Base multimedia:Shop conveys McChord's story through graphics, photos

  • Published
  • By Tyler Hemstreet
  • 62nd Airlift Wing Public Affairs
Majestic shots of Mount Rainier with one of Team McChord's shining C-17 Globemaster IIIs parked in the foreground. 

Personalized gold commander's coins with McChord's logo embossed on one side. Crisp action shots of Airmen working out. 

All of these things help fashion a steadfast and professional identity for McChord and its Airmen. 

And there's a good chance the 62nd Communications Squadron's multimedia shop had a pivotal role in bringing each image to life. 

The shop's primary duty is to communicate Team McChord's mission to the public and the base community through photography and graphics projects, said contract manager and designer Randy White, 62nd CS. 

The shop's photo responsibilities include taking pictures in support of the wing commander and the base public affairs office and taking studio portraits for professional use. 

The shop also develops mission-essential signage and graphics for various squadrons and base organizations, creates official certificates and designs visual aids for training and recruiting, Mr. White said. 

"Graphic design is all about communication," he said. "We help Airmen who come in with a project communicate their message through our art work."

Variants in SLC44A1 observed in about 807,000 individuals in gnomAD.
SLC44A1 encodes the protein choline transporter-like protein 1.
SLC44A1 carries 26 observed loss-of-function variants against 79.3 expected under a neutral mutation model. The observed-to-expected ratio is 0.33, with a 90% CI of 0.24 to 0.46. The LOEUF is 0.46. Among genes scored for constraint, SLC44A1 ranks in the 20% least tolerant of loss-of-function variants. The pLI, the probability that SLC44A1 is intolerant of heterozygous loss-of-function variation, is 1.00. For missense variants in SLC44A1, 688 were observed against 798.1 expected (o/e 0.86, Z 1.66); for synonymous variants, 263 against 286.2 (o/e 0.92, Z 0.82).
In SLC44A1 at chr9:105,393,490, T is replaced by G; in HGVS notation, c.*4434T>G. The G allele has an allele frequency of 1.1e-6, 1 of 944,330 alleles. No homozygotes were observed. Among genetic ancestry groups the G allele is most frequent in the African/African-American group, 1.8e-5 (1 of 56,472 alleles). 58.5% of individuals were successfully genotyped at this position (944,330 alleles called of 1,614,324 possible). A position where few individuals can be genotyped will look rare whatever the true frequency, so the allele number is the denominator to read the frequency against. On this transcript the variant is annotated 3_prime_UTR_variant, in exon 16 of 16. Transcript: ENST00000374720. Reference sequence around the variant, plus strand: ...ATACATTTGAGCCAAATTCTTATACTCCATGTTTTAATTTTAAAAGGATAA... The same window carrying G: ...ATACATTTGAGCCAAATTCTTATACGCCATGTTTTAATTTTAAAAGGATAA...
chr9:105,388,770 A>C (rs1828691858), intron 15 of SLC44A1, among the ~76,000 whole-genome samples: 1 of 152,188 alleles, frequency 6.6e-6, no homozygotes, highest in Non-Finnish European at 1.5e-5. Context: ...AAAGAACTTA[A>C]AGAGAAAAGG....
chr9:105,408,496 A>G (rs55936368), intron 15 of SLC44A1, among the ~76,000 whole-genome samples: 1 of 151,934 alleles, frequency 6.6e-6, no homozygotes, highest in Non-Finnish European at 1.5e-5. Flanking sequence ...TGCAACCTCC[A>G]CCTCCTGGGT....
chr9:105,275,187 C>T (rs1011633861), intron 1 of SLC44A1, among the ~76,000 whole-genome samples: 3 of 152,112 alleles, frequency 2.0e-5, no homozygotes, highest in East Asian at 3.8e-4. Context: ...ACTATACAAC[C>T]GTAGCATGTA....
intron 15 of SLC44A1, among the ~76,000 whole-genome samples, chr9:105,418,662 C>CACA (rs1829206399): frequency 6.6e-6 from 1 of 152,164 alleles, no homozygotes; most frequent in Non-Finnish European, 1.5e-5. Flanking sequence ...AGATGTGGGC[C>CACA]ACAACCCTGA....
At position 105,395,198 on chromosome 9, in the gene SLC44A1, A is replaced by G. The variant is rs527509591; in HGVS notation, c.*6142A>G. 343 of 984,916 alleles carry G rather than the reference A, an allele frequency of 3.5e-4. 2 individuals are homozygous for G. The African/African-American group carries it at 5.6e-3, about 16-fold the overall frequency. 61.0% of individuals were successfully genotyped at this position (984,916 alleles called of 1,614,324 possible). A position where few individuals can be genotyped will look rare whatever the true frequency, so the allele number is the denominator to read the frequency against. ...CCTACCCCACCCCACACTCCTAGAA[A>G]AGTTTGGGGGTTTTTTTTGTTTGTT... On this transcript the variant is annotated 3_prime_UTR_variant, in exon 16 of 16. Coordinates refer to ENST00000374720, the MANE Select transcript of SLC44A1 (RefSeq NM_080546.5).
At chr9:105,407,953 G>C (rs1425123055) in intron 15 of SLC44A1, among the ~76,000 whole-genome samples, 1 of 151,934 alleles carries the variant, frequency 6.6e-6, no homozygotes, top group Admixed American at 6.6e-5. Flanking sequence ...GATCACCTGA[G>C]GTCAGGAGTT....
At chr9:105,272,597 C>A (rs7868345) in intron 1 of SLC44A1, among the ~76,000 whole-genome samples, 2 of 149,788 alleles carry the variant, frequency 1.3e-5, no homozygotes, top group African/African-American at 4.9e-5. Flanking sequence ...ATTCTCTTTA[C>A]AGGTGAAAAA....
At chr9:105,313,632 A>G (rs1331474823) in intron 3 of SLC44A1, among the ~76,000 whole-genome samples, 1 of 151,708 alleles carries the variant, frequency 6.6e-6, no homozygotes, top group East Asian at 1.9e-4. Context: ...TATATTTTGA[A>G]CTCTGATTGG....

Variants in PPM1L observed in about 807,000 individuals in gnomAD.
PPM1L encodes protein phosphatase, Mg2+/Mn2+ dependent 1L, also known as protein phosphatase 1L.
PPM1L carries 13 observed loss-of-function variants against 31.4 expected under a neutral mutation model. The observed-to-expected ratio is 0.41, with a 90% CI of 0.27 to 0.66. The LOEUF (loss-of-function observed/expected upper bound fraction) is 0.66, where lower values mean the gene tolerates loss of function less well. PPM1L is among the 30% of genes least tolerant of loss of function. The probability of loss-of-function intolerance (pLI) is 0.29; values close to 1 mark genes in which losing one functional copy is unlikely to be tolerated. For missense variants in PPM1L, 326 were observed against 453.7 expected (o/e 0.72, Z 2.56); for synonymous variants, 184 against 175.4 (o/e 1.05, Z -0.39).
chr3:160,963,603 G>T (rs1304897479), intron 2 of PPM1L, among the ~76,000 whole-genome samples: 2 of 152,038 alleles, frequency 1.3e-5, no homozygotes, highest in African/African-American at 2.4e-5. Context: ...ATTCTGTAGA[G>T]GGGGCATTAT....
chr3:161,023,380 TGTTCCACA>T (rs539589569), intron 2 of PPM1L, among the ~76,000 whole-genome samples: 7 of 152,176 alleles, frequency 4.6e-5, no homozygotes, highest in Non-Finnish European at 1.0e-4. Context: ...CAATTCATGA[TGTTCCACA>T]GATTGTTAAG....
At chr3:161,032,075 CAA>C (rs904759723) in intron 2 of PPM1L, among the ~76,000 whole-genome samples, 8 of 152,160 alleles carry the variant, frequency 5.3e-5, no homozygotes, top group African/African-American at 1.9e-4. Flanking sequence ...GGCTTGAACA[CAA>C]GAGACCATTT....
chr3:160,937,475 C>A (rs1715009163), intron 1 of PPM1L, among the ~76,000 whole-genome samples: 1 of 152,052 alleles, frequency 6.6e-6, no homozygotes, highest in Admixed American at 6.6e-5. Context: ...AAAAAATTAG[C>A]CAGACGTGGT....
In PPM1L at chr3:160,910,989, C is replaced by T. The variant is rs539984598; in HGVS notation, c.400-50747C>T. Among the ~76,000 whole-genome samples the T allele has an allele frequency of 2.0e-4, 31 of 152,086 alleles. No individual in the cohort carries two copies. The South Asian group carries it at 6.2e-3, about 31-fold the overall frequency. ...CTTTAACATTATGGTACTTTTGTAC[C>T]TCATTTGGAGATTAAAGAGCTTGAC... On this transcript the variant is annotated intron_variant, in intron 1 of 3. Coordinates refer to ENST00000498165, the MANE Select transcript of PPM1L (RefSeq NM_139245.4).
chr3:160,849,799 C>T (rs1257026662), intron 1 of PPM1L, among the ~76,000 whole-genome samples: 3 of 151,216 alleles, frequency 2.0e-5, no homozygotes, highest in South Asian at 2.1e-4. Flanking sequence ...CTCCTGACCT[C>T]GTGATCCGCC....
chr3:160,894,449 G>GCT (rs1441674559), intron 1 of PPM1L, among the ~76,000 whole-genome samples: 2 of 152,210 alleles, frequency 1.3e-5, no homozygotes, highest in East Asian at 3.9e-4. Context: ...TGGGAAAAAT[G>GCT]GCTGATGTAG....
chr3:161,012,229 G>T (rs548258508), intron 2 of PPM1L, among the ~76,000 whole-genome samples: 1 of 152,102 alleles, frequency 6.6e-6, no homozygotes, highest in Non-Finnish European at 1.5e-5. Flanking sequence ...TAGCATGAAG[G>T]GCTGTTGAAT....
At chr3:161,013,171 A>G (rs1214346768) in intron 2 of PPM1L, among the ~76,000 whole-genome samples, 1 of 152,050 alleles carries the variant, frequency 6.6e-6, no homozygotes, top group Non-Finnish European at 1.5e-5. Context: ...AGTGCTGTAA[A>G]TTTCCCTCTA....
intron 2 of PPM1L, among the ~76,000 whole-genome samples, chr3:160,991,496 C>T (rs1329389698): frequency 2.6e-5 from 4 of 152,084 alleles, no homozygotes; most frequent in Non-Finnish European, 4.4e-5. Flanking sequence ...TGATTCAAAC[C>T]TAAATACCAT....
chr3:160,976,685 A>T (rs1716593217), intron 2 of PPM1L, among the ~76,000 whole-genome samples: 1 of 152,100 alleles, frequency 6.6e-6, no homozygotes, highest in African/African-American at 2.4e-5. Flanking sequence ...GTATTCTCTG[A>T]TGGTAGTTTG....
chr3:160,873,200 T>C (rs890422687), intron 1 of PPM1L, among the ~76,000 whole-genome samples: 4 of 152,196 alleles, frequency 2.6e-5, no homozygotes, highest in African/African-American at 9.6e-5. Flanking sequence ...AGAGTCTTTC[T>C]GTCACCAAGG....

Because the shop's photographer, Abner Guzman, 62nd CS, is familiar with the production process and knows what look each project is going for, he is able to provide a professional photo to begin the process, he said. 

But the shop also gives squadrons the chance to check out cameras to add their own personal touches to projects by providing their own photos to multimedia for training or mission-essential projects. 

The cameras may be used for coverage of military-affiliated activities such as formal recognition ceremonies, official squadron physical training or training exercises, said interim base multimedia manager Landy Schwiesow, 62nd CS. 

The cameras may not leave the base unless they are required for coverage of a military event, he said. 

The shop also has two video cameras that can be checked out, but Airmen must provide their own tapes for the video cameras, he said. 

While most of the squadrons have an idea of what they want to do with a graphics project, sometimes the staff even helps people further formulate and mold an idea for it, said graphic designer Adamarie Lewis-Page, 62nd CS. 

"We help them distill their message while showing the professionalism of the base or event in the finished product," she said. 

That can sometimes mean giving people not necessarily what they expect -- much to their delight, Mr. White said. 

"We enjoy taking what they're trying to say and helping them saying it better," he said. 

A majority of the shop's work lately has been in support of Air Mobility Command's Rodeo 2007, which will take place in July, said Ms. Lewis-Page. 

The multimedia shop is the only one in AMC working on graphics for the event, and it's a job they handle with pride due to their familiarity with Team McChord's mission and the military community, she said. 

By combining shots with special lighting that showcases McChord's combat airlift mission, distinctive landmarks that highlight the Puget Sound and Air Force emblems that embody pride in the military, the shop is able to fashion products that inform, educate and invoke a great sense of pride, she said. 

"The final creation is a total team effort that makes an impact to whoever views it," Ms. Lewis-Page said.